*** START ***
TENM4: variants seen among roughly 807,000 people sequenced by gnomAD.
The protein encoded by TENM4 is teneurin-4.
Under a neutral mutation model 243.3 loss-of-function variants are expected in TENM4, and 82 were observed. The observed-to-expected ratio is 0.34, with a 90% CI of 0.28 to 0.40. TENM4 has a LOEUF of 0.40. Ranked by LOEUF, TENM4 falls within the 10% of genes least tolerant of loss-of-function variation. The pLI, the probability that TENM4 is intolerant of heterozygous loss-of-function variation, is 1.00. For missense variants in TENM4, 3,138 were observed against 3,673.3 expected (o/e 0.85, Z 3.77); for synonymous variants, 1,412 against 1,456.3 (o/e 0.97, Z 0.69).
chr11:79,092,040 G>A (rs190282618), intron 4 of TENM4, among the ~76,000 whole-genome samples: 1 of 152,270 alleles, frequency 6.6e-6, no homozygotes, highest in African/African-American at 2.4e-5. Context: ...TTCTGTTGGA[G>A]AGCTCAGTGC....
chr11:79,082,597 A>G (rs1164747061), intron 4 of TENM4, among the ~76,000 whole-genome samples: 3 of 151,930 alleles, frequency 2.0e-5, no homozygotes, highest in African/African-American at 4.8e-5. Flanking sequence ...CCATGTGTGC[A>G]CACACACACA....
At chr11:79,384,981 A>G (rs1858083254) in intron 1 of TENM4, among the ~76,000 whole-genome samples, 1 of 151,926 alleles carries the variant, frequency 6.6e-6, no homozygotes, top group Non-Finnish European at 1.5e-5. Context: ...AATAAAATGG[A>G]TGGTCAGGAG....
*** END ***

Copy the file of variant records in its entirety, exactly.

TENM4: variants seen among roughly 807,000 people sequenced by gnomAD.
The protein encoded by TENM4 is teneurin-4.
Under a neutral mutation model 243.3 loss-of-function variants are expected in TENM4, and 82 were observed. The observed-to-expected ratio is 0.34, with a 90% CI of 0.28 to 0.40. TENM4 has a LOEUF of 0.40. Ranked by LOEUF, TENM4 falls within the 10% of genes least tolerant of loss-of-function variation. The pLI, the probability that TENM4 is intolerant of heterozygous loss-of-function variation, is 1.00. For missense variants in TENM4, 3,138 were observed against 3,673.3 expected (o/e 0.85, Z 3.77); for synonymous variants, 1,412 against 1,456.3 (o/e 0.97, Z 0.69).
chr11:79,092,040 G>A (rs190282618), intron 4 of TENM4, among the ~76,000 whole-genome samples: 1 of 152,270 alleles, frequency 6.6e-6, no homozygotes, highest in African/African-American at 2.4e-5. Context: ...TTCTGTTGGA[G>A]AGCTCAGTGC....
chr11:79,082,597 A>G (rs1164747061), intron 4 of TENM4, among the ~76,000 whole-genome samples: 3 of 151,930 alleles, frequency 2.0e-5, no homozygotes, highest in African/African-American at 4.8e-5. Flanking sequence ...CCATGTGTGC[A>G]CACACACACA....
At chr11:79,384,981 A>G (rs1858083254) in intron 1 of TENM4, among the ~76,000 whole-genome samples, 1 of 151,926 alleles carries the variant, frequency 6.6e-6, no homozygotes, top group Non-Finnish European at 1.5e-5. Context: ...AATAAAATGG[A>G]TGGTCAGGAG....